Editorial: Petition on town office vote offers additional time for reflection

The petition to reconsider Middlebury’s Town Meeting Day vote on a $7.5 million plan to build a new municipal building and recreation center and create a park on the existing site is to be expected and respectfully considered. Petitions frequently follow controversial, and close, votes.
Middlebury native Skip Brush is spearheading the petition drive to vacate the March 4 decision, and instead build a new municipal building and senior center at 105-111 Court Street, formerly occupied by Lightning Photo. Both buildings are currently empty. Brush’s plan would also have the town build a new recreational facility as an addition to the Memorial Sports Center at 296 Buttolph Drive — near the town swimming pool on the northeast corner of the Mary Hogan Elementary School grounds. Brush has figured the town could complete the total project for roughly $3,715,000. (See story here.)
Brush’s plan includes razing the existing municipal building and gym and conveying that property to Middlebury College— part of the plan already approved by voters 915-798 at town meeting.
The plan has a few positive aspects, the two most compelling are that it would combine recreational facilities in the same location, and it could be less expensive to taxpayers.
But it also has a few drawbacks: the college has said that no other project should expect financial support from the college (therefore making the proposal almost twice as costly to taxpayers); it moves the municipal building out of the downtown; and, among others, it doesn’t solve UD-3’s problem with the dilapidated American Legion facility nor provide locker room facilities for student athletes.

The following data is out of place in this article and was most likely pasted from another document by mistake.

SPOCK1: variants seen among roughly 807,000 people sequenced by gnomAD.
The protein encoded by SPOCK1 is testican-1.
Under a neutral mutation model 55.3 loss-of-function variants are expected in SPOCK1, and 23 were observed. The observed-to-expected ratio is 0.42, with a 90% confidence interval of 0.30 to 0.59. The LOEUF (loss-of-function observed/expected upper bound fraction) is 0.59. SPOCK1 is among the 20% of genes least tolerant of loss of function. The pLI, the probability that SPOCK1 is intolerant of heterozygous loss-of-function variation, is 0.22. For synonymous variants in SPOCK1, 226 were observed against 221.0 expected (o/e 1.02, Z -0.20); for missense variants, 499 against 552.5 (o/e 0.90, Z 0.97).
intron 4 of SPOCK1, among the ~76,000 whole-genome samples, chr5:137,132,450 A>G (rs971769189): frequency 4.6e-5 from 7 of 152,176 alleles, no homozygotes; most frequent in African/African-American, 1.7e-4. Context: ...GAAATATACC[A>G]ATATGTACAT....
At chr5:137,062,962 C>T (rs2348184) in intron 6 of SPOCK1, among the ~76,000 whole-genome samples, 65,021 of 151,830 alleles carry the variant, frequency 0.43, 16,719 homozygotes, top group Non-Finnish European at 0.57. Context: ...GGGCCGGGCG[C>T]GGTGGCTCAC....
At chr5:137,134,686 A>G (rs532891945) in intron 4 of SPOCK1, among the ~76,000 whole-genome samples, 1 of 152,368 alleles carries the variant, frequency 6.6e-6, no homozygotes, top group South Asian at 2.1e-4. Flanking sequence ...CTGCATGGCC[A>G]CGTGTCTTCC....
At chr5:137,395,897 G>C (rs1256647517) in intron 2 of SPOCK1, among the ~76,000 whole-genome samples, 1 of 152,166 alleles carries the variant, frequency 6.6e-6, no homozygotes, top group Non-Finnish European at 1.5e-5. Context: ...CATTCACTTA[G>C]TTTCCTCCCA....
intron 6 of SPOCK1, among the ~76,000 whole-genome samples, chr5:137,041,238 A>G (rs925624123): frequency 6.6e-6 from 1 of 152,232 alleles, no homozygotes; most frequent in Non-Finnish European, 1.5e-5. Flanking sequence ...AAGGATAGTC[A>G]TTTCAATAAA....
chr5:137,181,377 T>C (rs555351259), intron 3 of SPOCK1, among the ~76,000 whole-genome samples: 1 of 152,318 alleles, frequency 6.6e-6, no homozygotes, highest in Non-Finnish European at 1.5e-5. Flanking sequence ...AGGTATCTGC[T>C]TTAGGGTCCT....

The biggest drawback is moving the municipal building out of the downtown. Of all the citizen input gathered in meetings over the past 20 years, the one consistent message was to keep the town offices downtown. Done right, a new municipal building on the Osborne site adds a pleasing and prestigious architectural aesthetic to the southern approach to the downtown, and creates greater public use of municipal facilities.
What we should not do, however, is consider Mr. Brush’s petition as bothersome. It is part of the democratic process and the community can use it as a way to better understand the current proposal passed on March 4, as well as other options.
— Angelo S. Lynn

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